Once again Carbonite has come through for me. I located some files that were accidentally deleted on the 11th, all safe and sound on the Carbonite online backup site. That just saved me an hour of work.
Carbonite is about $55 per year with unlimited storage – that’ s a bargain IMO.
A few days ago I mentioned on Twitter that a book and poster I’d ordered from SitePoint arrived all soggy. SitePoint has since reshipped the package and told me to keep the others, which was great.
Mario Lurig of speakITplain down in Broomfield saw my tweet and was kind enough to send me a copy of his book: PHP reference, Beginner to Intermediate PHP5. The book’s available as a free PDF download or you can get a paperback from Lulu and other online retailers.
This morning I was greeted by not one, but two ‘account has been suspended due to nonpayment’ notices delivered to my inbox by WHMCS, the software that manages my hosting client accounts.
I went in to look – not only had they been suspended, they had been terminated – wiped off the server completely, and for no obvious reason. The accounts were in good standing and were months away from expiring.
Immediately I submitted a support ticket to WHMCS (it’s now been about 8 hours – where are you, WHMCS tech support? I still haven’t heard a word from you) and then another to HostGator who hosts my reseller account.
I also went in and disabled auto-suspension for every client hosting account, just in case. I checked to make sure no one else’s account had been terminated. I still don’t know what happened to WHMCS this morning to cause this event in the first place.
I got the first response from HostGator within 10 minutes. Within 15 minutes, I had submitted two restore requests to retrieve those terminated accounts from the most recent backup. And within 30 minutes my two accounts were back online.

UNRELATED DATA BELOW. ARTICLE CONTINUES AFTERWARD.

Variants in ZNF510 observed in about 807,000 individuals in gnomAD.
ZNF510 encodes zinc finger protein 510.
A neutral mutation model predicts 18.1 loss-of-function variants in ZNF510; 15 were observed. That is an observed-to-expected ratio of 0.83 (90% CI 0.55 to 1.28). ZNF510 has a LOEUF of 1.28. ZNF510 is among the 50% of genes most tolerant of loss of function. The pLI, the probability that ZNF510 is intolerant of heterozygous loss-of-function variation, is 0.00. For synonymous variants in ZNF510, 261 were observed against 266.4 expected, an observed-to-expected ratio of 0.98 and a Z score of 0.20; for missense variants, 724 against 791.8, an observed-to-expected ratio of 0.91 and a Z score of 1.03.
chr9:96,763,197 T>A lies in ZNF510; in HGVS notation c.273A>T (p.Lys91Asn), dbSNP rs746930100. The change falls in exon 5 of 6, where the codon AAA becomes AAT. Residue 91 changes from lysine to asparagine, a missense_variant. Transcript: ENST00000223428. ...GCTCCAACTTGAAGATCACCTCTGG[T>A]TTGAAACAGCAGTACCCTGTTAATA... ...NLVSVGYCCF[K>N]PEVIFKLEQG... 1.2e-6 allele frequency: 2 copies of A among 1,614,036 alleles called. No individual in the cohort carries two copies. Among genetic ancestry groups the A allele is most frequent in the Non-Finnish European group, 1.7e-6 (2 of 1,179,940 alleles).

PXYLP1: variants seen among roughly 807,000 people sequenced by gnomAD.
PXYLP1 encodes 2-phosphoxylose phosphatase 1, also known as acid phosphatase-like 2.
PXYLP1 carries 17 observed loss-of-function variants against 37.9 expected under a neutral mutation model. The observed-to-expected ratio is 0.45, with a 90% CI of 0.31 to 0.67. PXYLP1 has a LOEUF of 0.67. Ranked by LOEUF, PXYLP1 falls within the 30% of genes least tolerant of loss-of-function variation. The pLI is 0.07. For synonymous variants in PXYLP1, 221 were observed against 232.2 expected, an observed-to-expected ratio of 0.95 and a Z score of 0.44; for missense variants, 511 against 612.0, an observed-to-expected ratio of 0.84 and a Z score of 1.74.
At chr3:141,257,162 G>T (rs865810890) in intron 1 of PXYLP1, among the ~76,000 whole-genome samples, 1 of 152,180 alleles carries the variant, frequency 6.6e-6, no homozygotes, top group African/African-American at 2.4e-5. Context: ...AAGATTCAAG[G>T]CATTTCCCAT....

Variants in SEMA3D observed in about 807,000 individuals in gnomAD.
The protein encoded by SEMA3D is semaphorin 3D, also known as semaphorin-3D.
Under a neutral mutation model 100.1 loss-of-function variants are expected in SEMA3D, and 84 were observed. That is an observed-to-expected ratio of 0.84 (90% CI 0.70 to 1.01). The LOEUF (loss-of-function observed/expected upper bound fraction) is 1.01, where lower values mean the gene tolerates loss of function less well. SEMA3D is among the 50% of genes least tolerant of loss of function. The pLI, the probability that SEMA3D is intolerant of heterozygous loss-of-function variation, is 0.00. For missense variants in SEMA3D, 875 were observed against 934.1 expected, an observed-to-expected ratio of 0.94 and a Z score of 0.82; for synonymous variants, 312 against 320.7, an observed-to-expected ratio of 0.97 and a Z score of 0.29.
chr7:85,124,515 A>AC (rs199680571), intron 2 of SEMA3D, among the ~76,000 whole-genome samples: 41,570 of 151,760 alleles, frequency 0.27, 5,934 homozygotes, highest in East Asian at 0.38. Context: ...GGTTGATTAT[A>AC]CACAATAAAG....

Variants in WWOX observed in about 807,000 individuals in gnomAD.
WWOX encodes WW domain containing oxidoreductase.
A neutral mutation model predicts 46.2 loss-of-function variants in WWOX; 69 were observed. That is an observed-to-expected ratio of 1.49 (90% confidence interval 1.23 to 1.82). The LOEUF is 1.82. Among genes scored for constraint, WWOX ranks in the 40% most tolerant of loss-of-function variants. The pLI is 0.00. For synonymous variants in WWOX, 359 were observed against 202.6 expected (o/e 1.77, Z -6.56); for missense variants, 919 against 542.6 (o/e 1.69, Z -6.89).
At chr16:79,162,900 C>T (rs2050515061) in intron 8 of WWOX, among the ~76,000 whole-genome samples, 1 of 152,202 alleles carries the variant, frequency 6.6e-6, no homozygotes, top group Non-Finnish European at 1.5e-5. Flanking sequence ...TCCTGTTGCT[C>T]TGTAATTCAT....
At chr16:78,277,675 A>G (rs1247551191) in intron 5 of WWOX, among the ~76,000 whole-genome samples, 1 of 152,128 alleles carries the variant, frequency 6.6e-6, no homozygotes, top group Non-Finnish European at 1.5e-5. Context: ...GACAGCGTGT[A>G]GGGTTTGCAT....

So HostGator, thank you so much. You guys rock. WHMCS, not so much.
Back from WebVisions in Portland and I have a lot to write about – but I need to catch up on work today. I will say that while we liked Portland pretty well (it was our first visit), I am too addicted to Colorado sunshine to ever consider living in the Northwest… We had about 6-7 hours of sun during the week we were there. Never saw Mt. Hood and we were hoping too. More later.
I received my email newsletter from Good Experience this morning and wanted to share.
Catalog Choice is, in short, a really good website experience. It has a simple design, comfortable colors and an elegance of purpose – the point of the site is to remove you from catalog mailing lists. That’s it. Sign up, find the catalogs you regular receive, and mark the ones you’d rather not see anymore.
A clear focus, an interface that doesn’t get in one’s way, and an easy to understand series of actions to get to the results. That’s a really well-designed website in my book.
I signed up, we’ll see in 8-10 weeks whether it’s working. 😉
This morning I tried to cancel my Yahoo Search Marketing account, but I couldn’t figure out how. Nothing in the help section about it… I had to leave for a meeting so I sent them an email and just sat back down here.
No answer from email yet, so I Googled ‘close my yahoo search marketing account’ and the first page I came to was on the YSM site and it actually did lead me to a page with information on how to close the account.
I made the call. I went through three levels of menus and then was routed to my ‘customer solutions advocate’ (I like that). He had my account closed in about two minutes and it was very pleasant. He didn’t try to convince me to stay (I was closing the account because we sold the business to which it was connected) and was polite and fast. I couldn’t ask for more.
If anyone’s interested, read more here about closing a YSM account (not that I’m advocating this!)…